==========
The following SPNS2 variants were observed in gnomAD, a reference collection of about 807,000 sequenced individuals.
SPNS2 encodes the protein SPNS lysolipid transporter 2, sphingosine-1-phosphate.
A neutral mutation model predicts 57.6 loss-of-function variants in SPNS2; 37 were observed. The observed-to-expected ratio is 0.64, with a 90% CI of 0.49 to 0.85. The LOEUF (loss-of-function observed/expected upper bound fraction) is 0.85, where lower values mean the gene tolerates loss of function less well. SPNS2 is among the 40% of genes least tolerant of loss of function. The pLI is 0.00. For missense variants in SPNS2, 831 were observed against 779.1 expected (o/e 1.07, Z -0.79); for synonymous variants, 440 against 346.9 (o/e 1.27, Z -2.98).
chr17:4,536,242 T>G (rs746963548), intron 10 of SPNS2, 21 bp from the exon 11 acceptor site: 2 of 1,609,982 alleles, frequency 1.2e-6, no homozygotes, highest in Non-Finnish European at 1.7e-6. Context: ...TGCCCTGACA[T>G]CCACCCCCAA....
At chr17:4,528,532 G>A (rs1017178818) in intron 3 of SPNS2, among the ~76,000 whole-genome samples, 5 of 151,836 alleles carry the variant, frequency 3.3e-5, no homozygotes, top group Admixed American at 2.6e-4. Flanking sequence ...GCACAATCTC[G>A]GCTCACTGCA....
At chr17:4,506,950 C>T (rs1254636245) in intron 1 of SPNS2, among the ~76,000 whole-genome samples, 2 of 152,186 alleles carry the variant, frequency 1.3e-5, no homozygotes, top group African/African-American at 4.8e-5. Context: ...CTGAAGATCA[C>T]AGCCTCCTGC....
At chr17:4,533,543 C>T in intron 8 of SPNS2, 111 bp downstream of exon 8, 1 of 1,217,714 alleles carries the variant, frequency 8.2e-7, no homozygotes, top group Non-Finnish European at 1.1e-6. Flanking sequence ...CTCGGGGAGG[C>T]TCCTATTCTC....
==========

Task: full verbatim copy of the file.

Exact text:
The following SPNS2 variants were observed in gnomAD, a reference collection of about 807,000 sequenced individuals.
SPNS2 encodes the protein SPNS lysolipid transporter 2, sphingosine-1-phosphate.
A neutral mutation model predicts 57.6 loss-of-function variants in SPNS2; 37 were observed. The observed-to-expected ratio is 0.64, with a 90% CI of 0.49 to 0.85. The LOEUF (loss-of-function observed/expected upper bound fraction) is 0.85, where lower values mean the gene tolerates loss of function less well. SPNS2 is among the 40% of genes least tolerant of loss of function. The pLI is 0.00. For missense variants in SPNS2, 831 were observed against 779.1 expected (o/e 1.07, Z -0.79); for synonymous variants, 440 against 346.9 (o/e 1.27, Z -2.98).
chr17:4,536,242 T>G (rs746963548), intron 10 of SPNS2, 21 bp from the exon 11 acceptor site: 2 of 1,609,982 alleles, frequency 1.2e-6, no homozygotes, highest in Non-Finnish European at 1.7e-6. Context: ...TGCCCTGACA[T>G]CCACCCCCAA....
At chr17:4,528,532 G>A (rs1017178818) in intron 3 of SPNS2, among the ~76,000 whole-genome samples, 5 of 151,836 alleles carry the variant, frequency 3.3e-5, no homozygotes, top group Admixed American at 2.6e-4. Flanking sequence ...GCACAATCTC[G>A]GCTCACTGCA....
At chr17:4,506,950 C>T (rs1254636245) in intron 1 of SPNS2, among the ~76,000 whole-genome samples, 2 of 152,186 alleles carry the variant, frequency 1.3e-5, no homozygotes, top group African/African-American at 4.8e-5. Context: ...CTGAAGATCA[C>T]AGCCTCCTGC....
At chr17:4,533,543 C>T in intron 8 of SPNS2, 111 bp downstream of exon 8, 1 of 1,217,714 alleles carries the variant, frequency 8.2e-7, no homozygotes, top group Non-Finnish European at 1.1e-6. Flanking sequence ...CTCGGGGAGG[C>T]TCCTATTCTC....